The best part of the season is the relationship between Kendall, played by Rahim Brazil (pictured on the right), and Tristan, played by Desmond Fletcher. It's interesting because both are in the closet, but Kendall is honest to his mother, Monica, played by Mimi Fletcher. She's the only motherly figure in the season. There was only one motherly figure last season, but the way Monica is played here is way more refreshing. She's not hateful but more fearful. Rahim Brazil and Desmond Fletcher have great chemistry and both make a cute couple. Their characters met in church. Kendall likes preaching and Tristan likes playing music for the choir, so their relationship is more than just sex, which is the opposite of all of Damien's relationships.

Maddox seems to be the sole writer and director of The Revolution. This Season 2 doesn't have the original characters, but it does have a couple of the original actors. Brandon Karson who's in Freshman Year was the protagonist and the main, original actor in Season 1. He doesn't appear in The Revolution, at least not as a physical presence. Karson instead provides all the voice-over narration. A lot of what Maddox does works, but Karson's narration is too jarring. It shouldn't be there.

Gary Lavard was in Season 1 too as Damien's love interest and the brother's best friend, Vincent. Here, Lavard plays Dustin, a film major and a sophomore at Monroe College in the 1980's who was gay-bashed by his father as a boy and is now dealing with a gay-bashing on the college campus. Lavard proved in Season 1 that he has great range as an actor. There is a bathtub scene that was particularly effective, but, despite both Vincent and Dustin being black and gay, Lavard makes you believe that they really are two different people. Lavard really creates a different character here. HIs voice and body language are all distinct and separate from what he was in Season 1.

Maddox succeeds over Bawn in that Maddox actually does depict a classroom. He even fills it with a great supporting cast, led by the amazing Robin Givens (Boomerang and Riverdale) who plays Dr. Henderson, a black history professor who is funny, charming and engaging. She is certainly a bright spot in this series. A highlight includes the moment when she gets a white student to yell, "I'm black and I'm proud."

Maddox does something here that is pretty bold. Dustin meets a political group called the Monroe 5, an all-gay male group seeking justice against the gay-bashing, which they call a hate crime, but what Maddox does is name each member of the Monroe 5 after a well-known, black person in the Civil Rights Movement. The leader of the Monroe 5 is Martin, played by Jaquay Wilkerson. He's named after Martin Luther King, Jr., and Martin argues for nonviolent resistance just like the real-life, civil rights leader. The poli-sci major of the Monroe 5 is Malcolm, played by Levi Erik. He's white but he's named after Malcolm X and argues for resistance by any means necessary.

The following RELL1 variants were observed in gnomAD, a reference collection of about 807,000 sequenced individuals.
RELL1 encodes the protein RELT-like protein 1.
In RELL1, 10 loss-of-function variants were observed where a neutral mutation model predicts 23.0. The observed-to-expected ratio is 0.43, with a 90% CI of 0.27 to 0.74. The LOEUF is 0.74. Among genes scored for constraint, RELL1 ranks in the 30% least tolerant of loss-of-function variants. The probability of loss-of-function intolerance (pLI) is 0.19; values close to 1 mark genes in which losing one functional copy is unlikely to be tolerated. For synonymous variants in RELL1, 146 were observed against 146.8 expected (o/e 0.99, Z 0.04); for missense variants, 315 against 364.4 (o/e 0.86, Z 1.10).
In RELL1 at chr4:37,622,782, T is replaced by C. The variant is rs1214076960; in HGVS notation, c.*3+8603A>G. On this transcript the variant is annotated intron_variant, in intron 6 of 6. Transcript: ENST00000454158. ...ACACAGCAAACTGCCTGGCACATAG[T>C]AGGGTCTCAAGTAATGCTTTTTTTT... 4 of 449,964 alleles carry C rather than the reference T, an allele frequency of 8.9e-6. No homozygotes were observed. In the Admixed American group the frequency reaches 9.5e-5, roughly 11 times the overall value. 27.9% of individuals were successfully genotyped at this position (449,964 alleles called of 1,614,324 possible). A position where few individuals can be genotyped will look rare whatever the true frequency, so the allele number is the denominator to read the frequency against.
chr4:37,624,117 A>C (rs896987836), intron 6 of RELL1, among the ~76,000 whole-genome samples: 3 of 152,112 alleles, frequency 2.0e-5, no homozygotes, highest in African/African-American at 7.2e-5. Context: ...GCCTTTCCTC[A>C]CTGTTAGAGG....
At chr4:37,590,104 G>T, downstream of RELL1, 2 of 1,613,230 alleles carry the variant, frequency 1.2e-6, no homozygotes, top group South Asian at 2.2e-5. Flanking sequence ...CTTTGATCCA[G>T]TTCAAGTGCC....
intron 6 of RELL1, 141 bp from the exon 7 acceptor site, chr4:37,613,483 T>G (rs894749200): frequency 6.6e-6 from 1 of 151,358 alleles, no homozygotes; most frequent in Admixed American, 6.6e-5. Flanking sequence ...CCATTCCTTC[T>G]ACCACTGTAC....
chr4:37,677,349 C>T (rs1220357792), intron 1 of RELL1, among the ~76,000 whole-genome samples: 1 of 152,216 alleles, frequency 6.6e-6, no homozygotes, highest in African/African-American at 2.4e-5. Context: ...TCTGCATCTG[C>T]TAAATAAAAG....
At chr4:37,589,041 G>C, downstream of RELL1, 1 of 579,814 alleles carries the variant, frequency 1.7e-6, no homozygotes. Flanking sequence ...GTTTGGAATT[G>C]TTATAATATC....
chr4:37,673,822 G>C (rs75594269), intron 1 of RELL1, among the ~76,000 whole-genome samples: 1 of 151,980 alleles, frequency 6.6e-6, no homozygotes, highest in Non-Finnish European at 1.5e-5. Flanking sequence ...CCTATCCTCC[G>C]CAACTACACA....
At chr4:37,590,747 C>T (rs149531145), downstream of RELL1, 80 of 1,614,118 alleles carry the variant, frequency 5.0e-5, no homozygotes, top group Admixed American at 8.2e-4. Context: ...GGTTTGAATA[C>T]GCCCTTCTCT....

The other members include Marshall, played by Thomas Mackey, named after Thurgood Marshall, the first African-American on the Supreme Court. In this series, Marshall is a pre-law student just like the real-life, civil rights leader. There's also a college student named Emmett, possibly named after Emmett Till, and a student named Jesse, possibly named after Jesse Jackson, but the one-to-one comparisons start breaking down. For example, one of the Monroe 5 is Brown, played by Rion DeShon. Brown is presumably named after Oliver Brown, the famous black preacher and welder, but in this series, the student named Brown is studying math.

The series also satisfies a fantasy I didn't know I had. It satisfies the fantasy of imagining Martin and Malcolm as lovers. Yes, Martin and Malcolm have sex in a crazy and practically pornographic scene. It was the first and one of the most intense sex scenes Maddox has done.

As he did last season, Maddox incorporates archival footage from the 80's in order to build proper context. Even though last season included a mom pulling a gun on her own son, Maddox is still able to raise the stakes for this season, as he better explores issues of identity and sexuality. It might seem at times a little didactic. The cinematography in Maddox's series is better than in Bawn's series. Maddox's editing misses the mark occasionally and the makeup feels off, but emotionally Maddox's series is spot on.

Tyson Anthony is the one who originated this whole thing. Freshman Year picks up the ball from what was a great first season, but Anthony and his director Anthony Bawn don't carry it very far. This is opposed to Henderson Maddox who picks up the ball and really runs with it. I'm not sure what caused Maddox to take the same approach as Ryan Murphy's American Horror Story where each new season is a new story with new characters, but creatively it was the best thing to happen to him.

Not Rated but contains violence and intense sexuality.

About Him: Freshman Year
Available on

About Him: The Revolution
Available on Signal 23 TV via Vimeo.